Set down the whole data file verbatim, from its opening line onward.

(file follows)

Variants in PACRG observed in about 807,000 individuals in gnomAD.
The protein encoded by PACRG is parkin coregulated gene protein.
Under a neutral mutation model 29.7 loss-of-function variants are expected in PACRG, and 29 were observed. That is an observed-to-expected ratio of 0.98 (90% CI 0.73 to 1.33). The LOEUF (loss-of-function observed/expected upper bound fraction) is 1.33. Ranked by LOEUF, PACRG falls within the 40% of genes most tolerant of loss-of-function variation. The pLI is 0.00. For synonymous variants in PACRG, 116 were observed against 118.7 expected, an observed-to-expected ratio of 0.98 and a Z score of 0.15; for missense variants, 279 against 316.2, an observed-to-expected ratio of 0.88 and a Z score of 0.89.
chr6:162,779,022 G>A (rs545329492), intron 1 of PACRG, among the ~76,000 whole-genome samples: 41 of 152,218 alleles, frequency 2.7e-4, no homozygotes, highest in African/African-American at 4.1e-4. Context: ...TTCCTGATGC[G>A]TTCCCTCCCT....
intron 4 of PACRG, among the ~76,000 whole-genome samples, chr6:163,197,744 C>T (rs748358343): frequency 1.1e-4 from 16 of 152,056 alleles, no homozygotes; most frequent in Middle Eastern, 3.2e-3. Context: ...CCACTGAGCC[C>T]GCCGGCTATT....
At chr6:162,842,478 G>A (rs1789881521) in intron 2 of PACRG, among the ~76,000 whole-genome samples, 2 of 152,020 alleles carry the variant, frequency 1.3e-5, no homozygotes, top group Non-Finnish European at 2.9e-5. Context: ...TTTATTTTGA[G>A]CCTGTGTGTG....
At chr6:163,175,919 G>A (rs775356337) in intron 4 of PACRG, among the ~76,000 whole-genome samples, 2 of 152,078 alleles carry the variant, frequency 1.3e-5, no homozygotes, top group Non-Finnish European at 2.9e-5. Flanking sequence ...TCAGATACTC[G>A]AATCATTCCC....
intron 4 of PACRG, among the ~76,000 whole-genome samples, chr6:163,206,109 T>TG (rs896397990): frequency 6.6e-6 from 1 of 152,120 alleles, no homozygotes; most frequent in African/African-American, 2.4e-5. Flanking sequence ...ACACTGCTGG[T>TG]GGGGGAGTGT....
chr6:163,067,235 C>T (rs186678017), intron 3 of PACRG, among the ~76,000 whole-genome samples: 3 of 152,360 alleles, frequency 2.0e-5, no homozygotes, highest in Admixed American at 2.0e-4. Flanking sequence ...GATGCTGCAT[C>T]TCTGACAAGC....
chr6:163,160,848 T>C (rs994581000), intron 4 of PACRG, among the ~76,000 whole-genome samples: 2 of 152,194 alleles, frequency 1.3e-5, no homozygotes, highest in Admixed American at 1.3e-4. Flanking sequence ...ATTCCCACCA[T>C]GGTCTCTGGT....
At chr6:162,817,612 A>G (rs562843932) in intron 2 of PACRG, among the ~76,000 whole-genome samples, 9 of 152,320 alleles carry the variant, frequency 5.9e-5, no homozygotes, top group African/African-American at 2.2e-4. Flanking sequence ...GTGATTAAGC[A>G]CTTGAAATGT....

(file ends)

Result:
Variants in PACRG observed in about 807,000 individuals in gnomAD.
The protein encoded by PACRG is parkin coregulated gene protein.
Under a neutral mutation model 29.7 loss-of-function variants are expected in PACRG, and 29 were observed. That is an observed-to-expected ratio of 0.98 (90% CI 0.73 to 1.33). The LOEUF (loss-of-function observed/expected upper bound fraction) is 1.33. Ranked by LOEUF, PACRG falls within the 40% of genes most tolerant of loss-of-function variation. The pLI is 0.00. For synonymous variants in PACRG, 116 were observed against 118.7 expected, an observed-to-expected ratio of 0.98 and a Z score of 0.15; for missense variants, 279 against 316.2, an observed-to-expected ratio of 0.88 and a Z score of 0.89.
chr6:162,779,022 G>A (rs545329492), intron 1 of PACRG, among the ~76,000 whole-genome samples: 41 of 152,218 alleles, frequency 2.7e-4, no homozygotes, highest in African/African-American at 4.1e-4. Context: ...TTCCTGATGC[G>A]TTCCCTCCCT....
intron 4 of PACRG, among the ~76,000 whole-genome samples, chr6:163,197,744 C>T (rs748358343): frequency 1.1e-4 from 16 of 152,056 alleles, no homozygotes; most frequent in Middle Eastern, 3.2e-3. Context: ...CCACTGAGCC[C>T]GCCGGCTATT....
At chr6:162,842,478 G>A (rs1789881521) in intron 2 of PACRG, among the ~76,000 whole-genome samples, 2 of 152,020 alleles carry the variant, frequency 1.3e-5, no homozygotes, top group Non-Finnish European at 2.9e-5. Context: ...TTTATTTTGA[G>A]CCTGTGTGTG....
At chr6:163,175,919 G>A (rs775356337) in intron 4 of PACRG, among the ~76,000 whole-genome samples, 2 of 152,078 alleles carry the variant, frequency 1.3e-5, no homozygotes, top group Non-Finnish European at 2.9e-5. Flanking sequence ...TCAGATACTC[G>A]AATCATTCCC....
intron 4 of PACRG, among the ~76,000 whole-genome samples, chr6:163,206,109 T>TG (rs896397990): frequency 6.6e-6 from 1 of 152,120 alleles, no homozygotes; most frequent in African/African-American, 2.4e-5. Flanking sequence ...ACACTGCTGG[T>TG]GGGGGAGTGT....
chr6:163,067,235 C>T (rs186678017), intron 3 of PACRG, among the ~76,000 whole-genome samples: 3 of 152,360 alleles, frequency 2.0e-5, no homozygotes, highest in Admixed American at 2.0e-4. Flanking sequence ...GATGCTGCAT[C>T]TCTGACAAGC....
chr6:163,160,848 T>C (rs994581000), intron 4 of PACRG, among the ~76,000 whole-genome samples: 2 of 152,194 alleles, frequency 1.3e-5, no homozygotes, highest in Admixed American at 1.3e-4. Flanking sequence ...ATTCCCACCA[T>C]GGTCTCTGGT....
At chr6:162,817,612 A>G (rs562843932) in intron 2 of PACRG, among the ~76,000 whole-genome samples, 9 of 152,320 alleles carry the variant, frequency 5.9e-5, no homozygotes, top group African/African-American at 2.2e-4. Flanking sequence ...GTGATTAAGC[A>G]CTTGAAATGT....